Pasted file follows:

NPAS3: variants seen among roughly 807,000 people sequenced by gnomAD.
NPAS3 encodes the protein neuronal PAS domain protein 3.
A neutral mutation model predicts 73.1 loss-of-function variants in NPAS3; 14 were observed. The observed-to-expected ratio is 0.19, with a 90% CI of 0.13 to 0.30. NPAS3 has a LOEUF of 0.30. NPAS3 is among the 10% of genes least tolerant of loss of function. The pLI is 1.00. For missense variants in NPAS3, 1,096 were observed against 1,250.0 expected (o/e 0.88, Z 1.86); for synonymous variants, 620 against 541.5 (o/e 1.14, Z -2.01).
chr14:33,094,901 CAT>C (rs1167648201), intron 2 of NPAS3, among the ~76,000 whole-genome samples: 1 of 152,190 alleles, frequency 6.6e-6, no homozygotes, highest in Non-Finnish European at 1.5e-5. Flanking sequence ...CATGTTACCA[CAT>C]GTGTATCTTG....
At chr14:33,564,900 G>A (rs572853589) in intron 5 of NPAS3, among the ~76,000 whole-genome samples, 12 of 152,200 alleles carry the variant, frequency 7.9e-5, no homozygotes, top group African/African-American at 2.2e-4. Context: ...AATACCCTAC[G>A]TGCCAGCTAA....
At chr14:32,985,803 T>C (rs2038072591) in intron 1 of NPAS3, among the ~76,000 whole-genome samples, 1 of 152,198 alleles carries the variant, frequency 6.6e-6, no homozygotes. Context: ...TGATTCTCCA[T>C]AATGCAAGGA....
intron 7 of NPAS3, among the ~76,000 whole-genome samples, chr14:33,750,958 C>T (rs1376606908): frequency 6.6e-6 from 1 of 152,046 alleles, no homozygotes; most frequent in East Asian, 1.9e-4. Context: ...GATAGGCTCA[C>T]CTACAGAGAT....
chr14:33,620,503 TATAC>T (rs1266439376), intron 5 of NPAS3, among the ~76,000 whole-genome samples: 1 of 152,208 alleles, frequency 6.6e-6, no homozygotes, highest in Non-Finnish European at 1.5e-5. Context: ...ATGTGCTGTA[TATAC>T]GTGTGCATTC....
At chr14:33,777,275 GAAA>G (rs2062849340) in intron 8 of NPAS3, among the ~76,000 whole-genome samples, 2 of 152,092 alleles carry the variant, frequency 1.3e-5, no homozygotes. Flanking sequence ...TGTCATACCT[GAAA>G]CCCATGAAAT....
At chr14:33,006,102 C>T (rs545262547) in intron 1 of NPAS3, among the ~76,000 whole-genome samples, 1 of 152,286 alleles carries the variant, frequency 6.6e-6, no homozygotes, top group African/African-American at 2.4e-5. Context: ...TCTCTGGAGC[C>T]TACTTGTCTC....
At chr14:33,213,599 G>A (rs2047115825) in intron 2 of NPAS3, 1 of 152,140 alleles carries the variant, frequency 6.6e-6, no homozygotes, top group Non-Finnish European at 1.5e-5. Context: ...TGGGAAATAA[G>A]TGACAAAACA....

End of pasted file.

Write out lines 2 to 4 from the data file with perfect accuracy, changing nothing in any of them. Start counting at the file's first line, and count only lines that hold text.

NPAS3 encodes the protein neuronal PAS domain protein 3.
A neutral mutation model predicts 73.1 loss-of-function variants in NPAS3; 14 were observed. The observed-to-expected ratio is 0.19, with a 90% CI of 0.13 to 0.30. NPAS3 has a LOEUF of 0.30. NPAS3 is among the 10% of genes least tolerant of loss of function. The pLI is 1.00. For missense variants in NPAS3, 1,096 were observed against 1,250.0 expected (o/e 0.88, Z 1.86); for synonymous variants, 620 against 541.5 (o/e 1.14, Z -2.01).
chr14:33,094,901 CAT>C (rs1167648201), intron 2 of NPAS3, among the ~76,000 whole-genome samples: 1 of 152,190 alleles, frequency 6.6e-6, no homozygotes, highest in Non-Finnish European at 1.5e-5. Flanking sequence ...CATGTTACCA[CAT>C]GTGTATCTTG....